Analysis: Low-income residents would save if DOE strengthened manufactured housing plan

(ACEEE blog, 10 Feb 2022) Low-income residents of manufactured homes would have significantly reduced housing costs if the Biden administration strengthened proposed energy efficiency standards for the homes, according to a report today by the American Council for an Energy-Efficient Economy (ACEEE).

The pending plan from the Department of Energy (DOE)—which does little to increase nearly 30-year-old insulation requirements for many manufactured homes—failed to consider how stronger standards would benefit many lower-income residents and overestimated the costs of energy-efficient construction, according to the report.

These homes (sometimes called mobile homes) are a critical type of affordable housing—more than half of residents have incomes under two times the federal poverty level—but they often use large amounts of energy because of limited insulation and outdated windows and heating equipment. Energy costs are nearly twice as high per square foot in these homes compared to site-built homes, and a quarter of their residents spend more than 10% of their income on energy costs, ACEEE has found.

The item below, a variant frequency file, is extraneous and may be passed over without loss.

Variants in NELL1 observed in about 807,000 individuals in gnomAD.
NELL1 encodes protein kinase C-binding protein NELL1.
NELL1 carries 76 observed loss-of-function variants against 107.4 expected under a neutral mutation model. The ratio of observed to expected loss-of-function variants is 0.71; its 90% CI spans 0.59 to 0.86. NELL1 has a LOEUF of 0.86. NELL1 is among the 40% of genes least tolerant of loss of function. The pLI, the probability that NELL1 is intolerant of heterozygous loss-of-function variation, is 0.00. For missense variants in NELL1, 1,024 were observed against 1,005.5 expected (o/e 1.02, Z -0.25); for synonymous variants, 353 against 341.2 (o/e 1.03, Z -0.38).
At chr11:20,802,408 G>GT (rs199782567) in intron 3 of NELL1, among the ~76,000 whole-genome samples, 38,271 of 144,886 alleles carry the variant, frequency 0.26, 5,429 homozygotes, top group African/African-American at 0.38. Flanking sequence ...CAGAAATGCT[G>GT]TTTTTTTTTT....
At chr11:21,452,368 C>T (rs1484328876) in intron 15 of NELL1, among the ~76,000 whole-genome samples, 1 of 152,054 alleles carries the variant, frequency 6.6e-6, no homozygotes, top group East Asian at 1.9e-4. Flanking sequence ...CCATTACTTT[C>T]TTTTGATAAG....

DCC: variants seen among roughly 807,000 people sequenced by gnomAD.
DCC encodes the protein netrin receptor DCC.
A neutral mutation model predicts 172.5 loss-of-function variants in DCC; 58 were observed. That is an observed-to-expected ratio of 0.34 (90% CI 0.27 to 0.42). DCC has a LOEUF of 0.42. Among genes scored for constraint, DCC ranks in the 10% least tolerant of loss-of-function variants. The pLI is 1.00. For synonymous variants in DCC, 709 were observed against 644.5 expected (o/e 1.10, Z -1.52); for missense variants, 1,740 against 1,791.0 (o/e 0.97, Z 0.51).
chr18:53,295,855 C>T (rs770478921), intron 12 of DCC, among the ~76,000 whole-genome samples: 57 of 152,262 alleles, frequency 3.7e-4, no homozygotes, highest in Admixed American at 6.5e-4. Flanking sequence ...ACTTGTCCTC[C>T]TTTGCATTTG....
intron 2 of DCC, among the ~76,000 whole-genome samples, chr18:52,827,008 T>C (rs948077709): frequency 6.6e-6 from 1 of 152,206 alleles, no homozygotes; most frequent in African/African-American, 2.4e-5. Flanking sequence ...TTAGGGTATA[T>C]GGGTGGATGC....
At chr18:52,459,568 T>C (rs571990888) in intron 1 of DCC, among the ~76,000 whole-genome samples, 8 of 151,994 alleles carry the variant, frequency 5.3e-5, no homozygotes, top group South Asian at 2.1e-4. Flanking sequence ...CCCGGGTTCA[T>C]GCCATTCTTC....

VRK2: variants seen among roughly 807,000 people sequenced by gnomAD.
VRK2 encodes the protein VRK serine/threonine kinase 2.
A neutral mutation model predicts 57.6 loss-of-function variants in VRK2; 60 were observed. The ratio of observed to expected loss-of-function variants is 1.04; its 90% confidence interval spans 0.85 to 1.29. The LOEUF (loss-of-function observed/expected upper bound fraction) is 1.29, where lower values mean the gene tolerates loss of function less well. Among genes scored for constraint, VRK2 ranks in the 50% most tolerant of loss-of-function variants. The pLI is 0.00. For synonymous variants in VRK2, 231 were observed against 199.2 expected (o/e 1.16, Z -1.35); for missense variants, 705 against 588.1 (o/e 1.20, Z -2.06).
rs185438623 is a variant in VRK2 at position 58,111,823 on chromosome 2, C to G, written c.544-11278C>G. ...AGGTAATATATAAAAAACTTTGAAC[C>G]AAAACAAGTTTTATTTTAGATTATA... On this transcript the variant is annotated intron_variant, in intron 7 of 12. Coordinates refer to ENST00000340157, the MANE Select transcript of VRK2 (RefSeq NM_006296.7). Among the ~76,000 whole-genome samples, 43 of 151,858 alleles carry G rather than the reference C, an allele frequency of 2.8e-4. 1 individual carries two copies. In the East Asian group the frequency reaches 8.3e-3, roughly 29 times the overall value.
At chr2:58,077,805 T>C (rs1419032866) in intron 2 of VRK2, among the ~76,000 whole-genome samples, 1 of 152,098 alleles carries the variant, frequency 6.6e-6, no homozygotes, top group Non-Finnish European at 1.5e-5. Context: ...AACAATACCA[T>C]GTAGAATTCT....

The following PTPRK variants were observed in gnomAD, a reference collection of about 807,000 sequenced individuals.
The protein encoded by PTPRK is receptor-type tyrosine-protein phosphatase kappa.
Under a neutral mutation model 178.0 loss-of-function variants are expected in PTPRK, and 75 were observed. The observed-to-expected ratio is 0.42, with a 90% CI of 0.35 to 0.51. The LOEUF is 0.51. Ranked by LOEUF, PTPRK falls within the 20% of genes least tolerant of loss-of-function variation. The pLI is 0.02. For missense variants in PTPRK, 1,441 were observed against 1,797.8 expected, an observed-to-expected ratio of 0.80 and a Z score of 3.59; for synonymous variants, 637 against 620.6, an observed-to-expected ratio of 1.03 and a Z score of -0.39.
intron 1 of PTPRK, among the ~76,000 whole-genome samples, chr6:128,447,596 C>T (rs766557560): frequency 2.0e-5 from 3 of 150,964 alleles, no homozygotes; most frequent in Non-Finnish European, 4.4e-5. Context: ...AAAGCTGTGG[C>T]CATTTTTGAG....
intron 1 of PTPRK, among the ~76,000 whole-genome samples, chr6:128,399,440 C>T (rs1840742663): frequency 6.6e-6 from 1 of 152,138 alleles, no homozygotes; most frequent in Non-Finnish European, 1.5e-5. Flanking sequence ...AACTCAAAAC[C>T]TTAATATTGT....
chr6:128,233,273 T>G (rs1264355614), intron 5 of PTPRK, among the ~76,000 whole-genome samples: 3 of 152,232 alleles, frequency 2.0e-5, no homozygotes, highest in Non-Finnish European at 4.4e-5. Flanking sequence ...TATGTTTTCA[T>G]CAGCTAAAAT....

DOE proposed long-overdue efficiency standards for the homes in August 2021, but its “primary” option would leave models with a manufacturer’s suggested retail price under $63,000 with requirements that are little stronger than the 1994 rules in place today, while residents of more expensive homes would benefit from significantly stronger standards. An “alternative” option would require the stronger standards for all manufactured homes but still not require technology like efficient, electrified water heating.

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ACEEE blog, 10 Feb 2022: Analysis: Low-income residents would save if DOE strengthened manufactured housing plan